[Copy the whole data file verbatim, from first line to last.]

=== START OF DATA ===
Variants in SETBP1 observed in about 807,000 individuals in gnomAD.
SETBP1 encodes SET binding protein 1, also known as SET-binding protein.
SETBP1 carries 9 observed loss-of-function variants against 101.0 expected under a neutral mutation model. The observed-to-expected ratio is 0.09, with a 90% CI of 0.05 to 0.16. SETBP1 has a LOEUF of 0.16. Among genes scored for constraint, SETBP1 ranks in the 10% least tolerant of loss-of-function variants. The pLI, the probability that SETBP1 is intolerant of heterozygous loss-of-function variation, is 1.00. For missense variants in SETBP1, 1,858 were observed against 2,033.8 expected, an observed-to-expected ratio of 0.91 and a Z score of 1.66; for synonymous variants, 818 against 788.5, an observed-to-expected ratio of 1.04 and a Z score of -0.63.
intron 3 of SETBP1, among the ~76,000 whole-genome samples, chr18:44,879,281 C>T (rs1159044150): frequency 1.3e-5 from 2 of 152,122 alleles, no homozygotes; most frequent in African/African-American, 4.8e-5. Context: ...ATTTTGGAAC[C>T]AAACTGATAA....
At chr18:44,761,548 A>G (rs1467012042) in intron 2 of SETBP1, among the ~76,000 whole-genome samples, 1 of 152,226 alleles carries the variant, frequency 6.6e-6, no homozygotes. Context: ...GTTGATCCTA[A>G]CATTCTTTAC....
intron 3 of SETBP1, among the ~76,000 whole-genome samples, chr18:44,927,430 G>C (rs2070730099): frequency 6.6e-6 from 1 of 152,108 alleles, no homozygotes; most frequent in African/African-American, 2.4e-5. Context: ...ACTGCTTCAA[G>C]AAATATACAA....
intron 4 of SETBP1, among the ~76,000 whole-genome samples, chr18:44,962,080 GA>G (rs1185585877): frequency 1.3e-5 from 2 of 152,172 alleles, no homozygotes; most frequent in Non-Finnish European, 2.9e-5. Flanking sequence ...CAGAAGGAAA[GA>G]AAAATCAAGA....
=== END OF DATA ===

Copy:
Variants in SETBP1 observed in about 807,000 individuals in gnomAD.
SETBP1 encodes SET binding protein 1, also known as SET-binding protein.
SETBP1 carries 9 observed loss-of-function variants against 101.0 expected under a neutral mutation model. The observed-to-expected ratio is 0.09, with a 90% CI of 0.05 to 0.16. SETBP1 has a LOEUF of 0.16. Among genes scored for constraint, SETBP1 ranks in the 10% least tolerant of loss-of-function variants. The pLI, the probability that SETBP1 is intolerant of heterozygous loss-of-function variation, is 1.00. For missense variants in SETBP1, 1,858 were observed against 2,033.8 expected, an observed-to-expected ratio of 0.91 and a Z score of 1.66; for synonymous variants, 818 against 788.5, an observed-to-expected ratio of 1.04 and a Z score of -0.63.
intron 3 of SETBP1, among the ~76,000 whole-genome samples, chr18:44,879,281 C>T (rs1159044150): frequency 1.3e-5 from 2 of 152,122 alleles, no homozygotes; most frequent in African/African-American, 4.8e-5. Context: ...ATTTTGGAAC[C>T]AAACTGATAA....
At chr18:44,761,548 A>G (rs1467012042) in intron 2 of SETBP1, among the ~76,000 whole-genome samples, 1 of 152,226 alleles carries the variant, frequency 6.6e-6, no homozygotes. Context: ...GTTGATCCTA[A>G]CATTCTTTAC....
intron 3 of SETBP1, among the ~76,000 whole-genome samples, chr18:44,927,430 G>C (rs2070730099): frequency 6.6e-6 from 1 of 152,108 alleles, no homozygotes; most frequent in African/African-American, 2.4e-5. Context: ...ACTGCTTCAA[G>C]AAATATACAA....
intron 4 of SETBP1, among the ~76,000 whole-genome samples, chr18:44,962,080 GA>G (rs1185585877): frequency 1.3e-5 from 2 of 152,172 alleles, no homozygotes; most frequent in Non-Finnish European, 2.9e-5. Flanking sequence ...CAGAAGGAAA[GA>G]AAAATCAAGA....